Is it possible Jesus’ body was stolen from the tomb?
If it was stolen, it’s doubtful any of Jesus’ disciples stole it. More likely, Jewish officials stole the body to prevent the grave from becoming a shrine. However, since grave robbing was illegal, they could not admit to the deed later to quell stories of Jesus’ resurrection. And Jewish officials likely believed the resurrection story would quickly die since the resurrected Jesus couldn’t be produced.
But there are problems with the stolen body hypothesis: namely, several Jews claimed to have proof that Jesus was resurrected, Jesus’ brother James went from being a skeptic to being the leader of the church in Jerusalem, and Saul went from being a persecutor of The Way to its most outspoken advocate and promoter.
Although the earliest manuscripts of Mark, the earliest Gospel, don’t mention Jesus appearing to his disciples after his death, they imply that he did meet up with them in Galilee.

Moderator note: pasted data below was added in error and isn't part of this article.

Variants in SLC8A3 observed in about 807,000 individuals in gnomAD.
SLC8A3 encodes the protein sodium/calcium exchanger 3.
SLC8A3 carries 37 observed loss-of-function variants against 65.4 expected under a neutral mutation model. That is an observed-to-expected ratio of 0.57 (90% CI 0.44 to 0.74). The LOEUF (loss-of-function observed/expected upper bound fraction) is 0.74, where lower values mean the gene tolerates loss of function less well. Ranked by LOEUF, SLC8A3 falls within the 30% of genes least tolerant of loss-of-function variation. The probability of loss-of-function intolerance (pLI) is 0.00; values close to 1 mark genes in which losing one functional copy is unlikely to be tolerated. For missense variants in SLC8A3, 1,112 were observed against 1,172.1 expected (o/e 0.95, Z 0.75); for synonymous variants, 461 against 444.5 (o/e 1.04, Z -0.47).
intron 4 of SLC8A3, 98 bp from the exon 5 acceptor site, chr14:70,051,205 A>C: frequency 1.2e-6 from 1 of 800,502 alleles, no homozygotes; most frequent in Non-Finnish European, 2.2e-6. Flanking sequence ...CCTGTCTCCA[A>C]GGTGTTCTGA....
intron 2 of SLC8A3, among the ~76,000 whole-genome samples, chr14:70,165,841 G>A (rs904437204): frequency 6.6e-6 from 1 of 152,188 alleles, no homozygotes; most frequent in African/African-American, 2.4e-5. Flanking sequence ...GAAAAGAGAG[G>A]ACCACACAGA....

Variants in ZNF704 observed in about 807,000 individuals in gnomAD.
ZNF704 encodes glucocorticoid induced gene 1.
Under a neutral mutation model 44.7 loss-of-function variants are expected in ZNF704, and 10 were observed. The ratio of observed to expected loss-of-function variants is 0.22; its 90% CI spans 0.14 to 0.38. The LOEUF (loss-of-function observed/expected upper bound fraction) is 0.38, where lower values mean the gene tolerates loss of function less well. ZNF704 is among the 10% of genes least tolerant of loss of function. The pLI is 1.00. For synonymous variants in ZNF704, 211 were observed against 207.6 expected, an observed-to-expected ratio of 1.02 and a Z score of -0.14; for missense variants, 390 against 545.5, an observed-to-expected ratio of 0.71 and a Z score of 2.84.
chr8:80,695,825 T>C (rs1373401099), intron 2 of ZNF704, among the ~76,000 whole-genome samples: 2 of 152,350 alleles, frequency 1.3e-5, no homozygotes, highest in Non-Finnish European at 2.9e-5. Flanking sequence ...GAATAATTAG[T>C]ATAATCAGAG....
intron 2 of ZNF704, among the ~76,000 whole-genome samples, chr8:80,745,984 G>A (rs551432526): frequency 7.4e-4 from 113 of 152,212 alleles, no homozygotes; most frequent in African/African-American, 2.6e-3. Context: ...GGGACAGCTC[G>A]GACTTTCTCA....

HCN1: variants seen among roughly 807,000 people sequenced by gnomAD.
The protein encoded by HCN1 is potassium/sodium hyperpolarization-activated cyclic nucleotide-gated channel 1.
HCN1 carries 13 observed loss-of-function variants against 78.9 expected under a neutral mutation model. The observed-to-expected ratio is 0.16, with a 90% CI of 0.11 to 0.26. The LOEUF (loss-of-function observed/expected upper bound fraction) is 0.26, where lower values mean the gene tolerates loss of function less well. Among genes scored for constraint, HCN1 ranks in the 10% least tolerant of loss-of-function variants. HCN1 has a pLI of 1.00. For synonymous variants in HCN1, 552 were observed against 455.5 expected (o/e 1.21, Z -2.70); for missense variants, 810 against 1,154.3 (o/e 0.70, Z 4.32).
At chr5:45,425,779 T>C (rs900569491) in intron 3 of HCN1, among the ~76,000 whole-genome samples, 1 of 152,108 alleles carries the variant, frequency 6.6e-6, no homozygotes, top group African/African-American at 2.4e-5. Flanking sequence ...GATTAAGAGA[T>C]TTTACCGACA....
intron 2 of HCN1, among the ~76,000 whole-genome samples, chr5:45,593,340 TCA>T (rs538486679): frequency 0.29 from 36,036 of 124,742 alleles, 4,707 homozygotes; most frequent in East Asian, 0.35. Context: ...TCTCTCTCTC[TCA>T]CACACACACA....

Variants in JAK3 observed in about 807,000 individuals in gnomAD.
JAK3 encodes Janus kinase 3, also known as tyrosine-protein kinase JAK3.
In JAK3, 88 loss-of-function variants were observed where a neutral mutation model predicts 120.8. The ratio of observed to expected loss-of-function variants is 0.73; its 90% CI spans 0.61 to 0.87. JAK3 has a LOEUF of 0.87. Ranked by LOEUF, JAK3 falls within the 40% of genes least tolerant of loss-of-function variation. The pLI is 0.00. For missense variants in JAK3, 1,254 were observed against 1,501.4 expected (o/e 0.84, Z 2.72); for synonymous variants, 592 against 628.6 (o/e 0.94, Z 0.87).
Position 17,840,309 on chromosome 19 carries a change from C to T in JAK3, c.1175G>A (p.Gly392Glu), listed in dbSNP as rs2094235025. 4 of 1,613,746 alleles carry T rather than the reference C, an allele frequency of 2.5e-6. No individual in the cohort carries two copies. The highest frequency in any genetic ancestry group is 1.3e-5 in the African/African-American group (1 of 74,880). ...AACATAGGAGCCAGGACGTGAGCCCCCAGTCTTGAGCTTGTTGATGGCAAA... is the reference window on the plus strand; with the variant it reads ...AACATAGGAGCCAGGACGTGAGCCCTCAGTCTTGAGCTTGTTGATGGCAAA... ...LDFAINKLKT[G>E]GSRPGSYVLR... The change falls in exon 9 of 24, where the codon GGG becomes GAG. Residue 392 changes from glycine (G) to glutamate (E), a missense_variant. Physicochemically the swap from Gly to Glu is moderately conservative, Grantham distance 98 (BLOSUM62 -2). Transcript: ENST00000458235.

Then, Luke tells us in the book of Acts (80–90CE) that James, the son of Zebedee was killed by King Herod who was persecuting members of the church. This shows us that James, one of the original 12 disciples, believed Jesus was resurrected.
In Acts we also read about the martyrdom of Stephen who, while not one of the original 12, claimed to see Jesus in a vision standing at the right hand of God.
Acts also tells us about the vision Paul had of the resurrected Jesus, something Paul alludes to in a few of his epistles.
Finally, we have the account of James the Just’s martyrdom by stoning in the works of Josephus (93 or 94CE). (James the Just is believed to be the brother of Jesus and leader of the church in Jerusalem.) And in I Clement (~96CE), we read of the martyrdom of Peter and Paul.
In conclusion, if Jesus’ body was stolen, it’s hard to account for the fact that at least some of Jesus’ followers were so certain he was resurrected that they dedicated their lives to Jesus’ mission even though some paid with their lives.
Some say Jesus’ body could not have been stolen because there were guards posted at the tomb; however, this information only appears in Matthew and was likely added to refute a rumor that Jesus’ disciples stole his body.
Some say all of Jesus’ disciples except John died as martyrs, but nearly all of these martyrdom accounts come from highly legendary Catholic stories written at least a century later.